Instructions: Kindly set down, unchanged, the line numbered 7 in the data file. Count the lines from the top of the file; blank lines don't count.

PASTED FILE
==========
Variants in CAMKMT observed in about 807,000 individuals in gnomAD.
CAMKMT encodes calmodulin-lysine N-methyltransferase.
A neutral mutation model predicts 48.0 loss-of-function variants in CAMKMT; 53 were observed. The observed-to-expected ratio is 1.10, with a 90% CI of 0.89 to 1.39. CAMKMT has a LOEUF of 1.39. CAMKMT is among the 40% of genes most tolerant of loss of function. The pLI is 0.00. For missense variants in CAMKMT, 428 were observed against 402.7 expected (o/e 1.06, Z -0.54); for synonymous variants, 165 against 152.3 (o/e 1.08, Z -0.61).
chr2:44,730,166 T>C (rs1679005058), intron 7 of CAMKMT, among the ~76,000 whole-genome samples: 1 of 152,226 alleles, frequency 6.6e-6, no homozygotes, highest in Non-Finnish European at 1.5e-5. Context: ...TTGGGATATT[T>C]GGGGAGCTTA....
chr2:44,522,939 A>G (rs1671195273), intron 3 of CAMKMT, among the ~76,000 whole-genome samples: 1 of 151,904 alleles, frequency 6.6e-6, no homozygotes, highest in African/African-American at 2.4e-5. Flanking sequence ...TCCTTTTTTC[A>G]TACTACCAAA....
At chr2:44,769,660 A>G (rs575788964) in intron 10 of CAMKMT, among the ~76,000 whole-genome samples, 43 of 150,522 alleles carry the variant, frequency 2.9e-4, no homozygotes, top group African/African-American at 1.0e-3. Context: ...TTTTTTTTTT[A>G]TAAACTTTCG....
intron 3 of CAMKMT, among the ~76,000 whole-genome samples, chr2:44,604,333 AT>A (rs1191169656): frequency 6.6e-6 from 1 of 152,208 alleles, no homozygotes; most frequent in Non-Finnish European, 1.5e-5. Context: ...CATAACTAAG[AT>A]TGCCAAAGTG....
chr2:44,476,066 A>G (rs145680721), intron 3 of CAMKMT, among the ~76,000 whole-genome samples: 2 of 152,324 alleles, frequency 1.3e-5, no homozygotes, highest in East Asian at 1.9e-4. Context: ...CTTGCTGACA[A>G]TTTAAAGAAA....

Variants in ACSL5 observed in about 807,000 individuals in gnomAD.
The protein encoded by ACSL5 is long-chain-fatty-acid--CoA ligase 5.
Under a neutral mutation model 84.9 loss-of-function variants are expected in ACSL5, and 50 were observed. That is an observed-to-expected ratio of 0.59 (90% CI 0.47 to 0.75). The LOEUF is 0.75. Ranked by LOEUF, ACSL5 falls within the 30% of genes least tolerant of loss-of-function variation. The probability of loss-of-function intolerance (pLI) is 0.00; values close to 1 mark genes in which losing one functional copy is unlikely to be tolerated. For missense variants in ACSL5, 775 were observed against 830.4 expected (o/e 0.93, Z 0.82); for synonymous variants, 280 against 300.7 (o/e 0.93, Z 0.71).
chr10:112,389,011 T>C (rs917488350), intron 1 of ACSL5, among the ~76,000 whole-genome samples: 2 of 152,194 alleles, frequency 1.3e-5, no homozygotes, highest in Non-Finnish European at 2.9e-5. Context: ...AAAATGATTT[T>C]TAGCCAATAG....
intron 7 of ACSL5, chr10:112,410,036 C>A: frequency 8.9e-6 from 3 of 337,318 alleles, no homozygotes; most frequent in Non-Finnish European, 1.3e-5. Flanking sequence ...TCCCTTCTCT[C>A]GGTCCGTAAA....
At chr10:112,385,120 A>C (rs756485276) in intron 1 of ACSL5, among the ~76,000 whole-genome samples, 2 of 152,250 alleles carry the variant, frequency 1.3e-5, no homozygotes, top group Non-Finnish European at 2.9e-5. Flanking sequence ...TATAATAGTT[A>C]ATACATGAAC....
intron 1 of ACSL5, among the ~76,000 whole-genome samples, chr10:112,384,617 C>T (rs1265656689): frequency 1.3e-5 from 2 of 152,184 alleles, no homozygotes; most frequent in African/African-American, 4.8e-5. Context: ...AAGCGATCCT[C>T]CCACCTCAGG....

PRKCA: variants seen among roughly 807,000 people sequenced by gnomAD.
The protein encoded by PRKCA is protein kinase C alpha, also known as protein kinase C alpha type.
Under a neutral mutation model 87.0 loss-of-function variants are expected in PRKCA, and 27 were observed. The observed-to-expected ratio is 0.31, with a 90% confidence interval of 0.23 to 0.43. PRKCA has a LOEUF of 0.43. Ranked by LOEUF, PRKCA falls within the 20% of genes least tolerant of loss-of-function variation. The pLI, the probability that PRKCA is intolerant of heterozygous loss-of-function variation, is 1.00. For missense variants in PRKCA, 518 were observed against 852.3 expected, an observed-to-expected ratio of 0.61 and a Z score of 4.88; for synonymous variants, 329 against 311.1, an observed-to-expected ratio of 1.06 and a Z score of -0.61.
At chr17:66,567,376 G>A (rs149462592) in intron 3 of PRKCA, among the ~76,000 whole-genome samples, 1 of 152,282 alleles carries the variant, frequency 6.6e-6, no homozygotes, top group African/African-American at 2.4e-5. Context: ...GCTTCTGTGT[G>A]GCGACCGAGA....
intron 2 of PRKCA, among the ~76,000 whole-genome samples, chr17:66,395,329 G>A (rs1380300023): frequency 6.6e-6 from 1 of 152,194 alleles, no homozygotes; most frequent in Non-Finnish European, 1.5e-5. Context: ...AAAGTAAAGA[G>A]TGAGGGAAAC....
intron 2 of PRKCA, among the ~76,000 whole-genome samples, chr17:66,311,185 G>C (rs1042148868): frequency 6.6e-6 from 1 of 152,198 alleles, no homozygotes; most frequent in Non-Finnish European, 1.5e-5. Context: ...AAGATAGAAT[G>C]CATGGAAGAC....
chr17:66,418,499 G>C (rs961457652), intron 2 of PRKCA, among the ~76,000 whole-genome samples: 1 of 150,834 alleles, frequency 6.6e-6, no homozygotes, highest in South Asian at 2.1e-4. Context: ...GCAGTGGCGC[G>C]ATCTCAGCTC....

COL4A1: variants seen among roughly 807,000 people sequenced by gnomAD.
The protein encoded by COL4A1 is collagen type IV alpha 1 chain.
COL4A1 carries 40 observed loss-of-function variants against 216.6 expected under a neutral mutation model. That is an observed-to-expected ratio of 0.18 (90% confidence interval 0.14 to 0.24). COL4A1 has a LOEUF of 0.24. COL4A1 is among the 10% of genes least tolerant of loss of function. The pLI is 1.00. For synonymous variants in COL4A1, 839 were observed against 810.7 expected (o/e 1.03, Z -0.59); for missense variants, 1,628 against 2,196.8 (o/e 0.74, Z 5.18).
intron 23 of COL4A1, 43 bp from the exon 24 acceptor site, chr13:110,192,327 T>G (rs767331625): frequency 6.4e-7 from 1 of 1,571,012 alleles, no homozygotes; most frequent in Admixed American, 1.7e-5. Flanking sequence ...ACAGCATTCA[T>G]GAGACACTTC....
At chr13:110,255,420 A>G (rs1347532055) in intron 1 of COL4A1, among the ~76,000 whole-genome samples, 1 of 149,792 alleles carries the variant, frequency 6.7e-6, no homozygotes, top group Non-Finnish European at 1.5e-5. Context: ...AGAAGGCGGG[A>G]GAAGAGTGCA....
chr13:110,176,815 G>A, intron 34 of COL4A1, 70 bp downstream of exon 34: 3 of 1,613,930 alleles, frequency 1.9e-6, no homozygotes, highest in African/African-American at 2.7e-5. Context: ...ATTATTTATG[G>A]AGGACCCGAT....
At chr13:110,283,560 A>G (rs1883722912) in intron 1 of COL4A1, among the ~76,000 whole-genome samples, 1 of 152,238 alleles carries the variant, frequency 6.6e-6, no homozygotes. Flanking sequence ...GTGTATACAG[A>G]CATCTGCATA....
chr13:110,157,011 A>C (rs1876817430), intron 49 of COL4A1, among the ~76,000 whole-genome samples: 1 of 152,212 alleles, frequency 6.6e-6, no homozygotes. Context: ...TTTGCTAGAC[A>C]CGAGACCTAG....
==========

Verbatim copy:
intron 3 of CAMKMT, among the ~76,000 whole-genome samples, chr2:44,604,333 AT>A (rs1191169656): frequency 6.6e-6 from 1 of 152,208 alleles, no homozygotes; most frequent in Non-Finnish European, 1.5e-5. Context: ...CATAACTAAG[AT>A]TGCCAAAGTG....